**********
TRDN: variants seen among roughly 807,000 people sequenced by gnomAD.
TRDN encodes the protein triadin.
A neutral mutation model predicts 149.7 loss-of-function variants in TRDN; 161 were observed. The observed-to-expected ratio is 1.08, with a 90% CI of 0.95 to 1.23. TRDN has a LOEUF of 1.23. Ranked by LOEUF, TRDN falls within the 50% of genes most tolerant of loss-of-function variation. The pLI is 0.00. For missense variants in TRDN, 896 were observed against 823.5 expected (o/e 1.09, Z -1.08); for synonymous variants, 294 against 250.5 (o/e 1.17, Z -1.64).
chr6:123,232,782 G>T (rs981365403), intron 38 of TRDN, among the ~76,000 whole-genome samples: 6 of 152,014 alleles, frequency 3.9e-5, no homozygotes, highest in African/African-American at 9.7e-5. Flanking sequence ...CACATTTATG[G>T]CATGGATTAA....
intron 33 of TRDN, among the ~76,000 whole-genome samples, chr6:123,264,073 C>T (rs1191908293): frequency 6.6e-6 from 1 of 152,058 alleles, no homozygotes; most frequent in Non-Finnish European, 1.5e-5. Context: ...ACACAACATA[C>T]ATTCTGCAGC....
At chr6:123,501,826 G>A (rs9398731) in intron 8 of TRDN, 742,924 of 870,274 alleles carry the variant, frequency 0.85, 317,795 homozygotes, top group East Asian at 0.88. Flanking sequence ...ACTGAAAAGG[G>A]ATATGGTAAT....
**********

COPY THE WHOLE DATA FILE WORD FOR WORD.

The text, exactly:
TRDN: variants seen among roughly 807,000 people sequenced by gnomAD.
TRDN encodes the protein triadin.
A neutral mutation model predicts 149.7 loss-of-function variants in TRDN; 161 were observed. The observed-to-expected ratio is 1.08, with a 90% CI of 0.95 to 1.23. TRDN has a LOEUF of 1.23. Ranked by LOEUF, TRDN falls within the 50% of genes most tolerant of loss-of-function variation. The pLI is 0.00. For missense variants in TRDN, 896 were observed against 823.5 expected (o/e 1.09, Z -1.08); for synonymous variants, 294 against 250.5 (o/e 1.17, Z -1.64).
chr6:123,232,782 G>T (rs981365403), intron 38 of TRDN, among the ~76,000 whole-genome samples: 6 of 152,014 alleles, frequency 3.9e-5, no homozygotes, highest in African/African-American at 9.7e-5. Flanking sequence ...CACATTTATG[G>T]CATGGATTAA....
intron 33 of TRDN, among the ~76,000 whole-genome samples, chr6:123,264,073 C>T (rs1191908293): frequency 6.6e-6 from 1 of 152,058 alleles, no homozygotes; most frequent in Non-Finnish European, 1.5e-5. Context: ...ACACAACATA[C>T]ATTCTGCAGC....
At chr6:123,501,826 G>A (rs9398731) in intron 8 of TRDN, 742,924 of 870,274 alleles carry the variant, frequency 0.85, 317,795 homozygotes, top group East Asian at 0.88. Flanking sequence ...ACTGAAAAGG[G>A]ATATGGTAAT....